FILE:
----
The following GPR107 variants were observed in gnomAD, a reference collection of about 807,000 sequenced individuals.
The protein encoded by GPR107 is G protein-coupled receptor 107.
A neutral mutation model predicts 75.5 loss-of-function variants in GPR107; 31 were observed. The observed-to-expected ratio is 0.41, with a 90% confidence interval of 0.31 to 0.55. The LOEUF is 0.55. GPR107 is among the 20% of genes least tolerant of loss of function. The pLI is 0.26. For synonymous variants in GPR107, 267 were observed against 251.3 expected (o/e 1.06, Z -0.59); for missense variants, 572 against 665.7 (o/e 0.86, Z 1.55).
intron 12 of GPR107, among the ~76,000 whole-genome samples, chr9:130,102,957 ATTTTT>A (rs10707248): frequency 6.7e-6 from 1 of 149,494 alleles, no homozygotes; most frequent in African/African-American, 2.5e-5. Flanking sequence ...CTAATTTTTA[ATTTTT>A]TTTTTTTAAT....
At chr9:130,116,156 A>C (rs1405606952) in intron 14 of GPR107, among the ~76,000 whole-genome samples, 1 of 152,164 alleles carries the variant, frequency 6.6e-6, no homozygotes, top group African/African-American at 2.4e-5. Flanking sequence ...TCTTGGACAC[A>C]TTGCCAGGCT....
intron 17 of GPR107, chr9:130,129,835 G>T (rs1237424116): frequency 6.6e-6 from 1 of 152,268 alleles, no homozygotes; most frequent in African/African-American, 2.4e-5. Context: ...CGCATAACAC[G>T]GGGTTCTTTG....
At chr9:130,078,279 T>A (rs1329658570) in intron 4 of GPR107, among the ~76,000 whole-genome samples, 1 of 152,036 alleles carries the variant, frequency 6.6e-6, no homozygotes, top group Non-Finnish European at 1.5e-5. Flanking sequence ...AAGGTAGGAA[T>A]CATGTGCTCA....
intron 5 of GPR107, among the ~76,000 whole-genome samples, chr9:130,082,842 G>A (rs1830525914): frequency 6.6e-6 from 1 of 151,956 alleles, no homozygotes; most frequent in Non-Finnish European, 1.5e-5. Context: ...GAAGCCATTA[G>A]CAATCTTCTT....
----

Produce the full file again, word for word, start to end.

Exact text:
The following GPR107 variants were observed in gnomAD, a reference collection of about 807,000 sequenced individuals.
The protein encoded by GPR107 is G protein-coupled receptor 107.
A neutral mutation model predicts 75.5 loss-of-function variants in GPR107; 31 were observed. The observed-to-expected ratio is 0.41, with a 90% confidence interval of 0.31 to 0.55. The LOEUF is 0.55. GPR107 is among the 20% of genes least tolerant of loss of function. The pLI is 0.26. For synonymous variants in GPR107, 267 were observed against 251.3 expected (o/e 1.06, Z -0.59); for missense variants, 572 against 665.7 (o/e 0.86, Z 1.55).
intron 12 of GPR107, among the ~76,000 whole-genome samples, chr9:130,102,957 ATTTTT>A (rs10707248): frequency 6.7e-6 from 1 of 149,494 alleles, no homozygotes; most frequent in African/African-American, 2.5e-5. Flanking sequence ...CTAATTTTTA[ATTTTT>A]TTTTTTTAAT....
At chr9:130,116,156 A>C (rs1405606952) in intron 14 of GPR107, among the ~76,000 whole-genome samples, 1 of 152,164 alleles carries the variant, frequency 6.6e-6, no homozygotes, top group African/African-American at 2.4e-5. Flanking sequence ...TCTTGGACAC[A>C]TTGCCAGGCT....
intron 17 of GPR107, chr9:130,129,835 G>T (rs1237424116): frequency 6.6e-6 from 1 of 152,268 alleles, no homozygotes; most frequent in African/African-American, 2.4e-5. Context: ...CGCATAACAC[G>T]GGGTTCTTTG....
At chr9:130,078,279 T>A (rs1329658570) in intron 4 of GPR107, among the ~76,000 whole-genome samples, 1 of 152,036 alleles carries the variant, frequency 6.6e-6, no homozygotes, top group Non-Finnish European at 1.5e-5. Flanking sequence ...AAGGTAGGAA[T>A]CATGTGCTCA....
intron 5 of GPR107, among the ~76,000 whole-genome samples, chr9:130,082,842 G>A (rs1830525914): frequency 6.6e-6 from 1 of 151,956 alleles, no homozygotes; most frequent in Non-Finnish European, 1.5e-5. Context: ...GAAGCCATTA[G>A]CAATCTTCTT....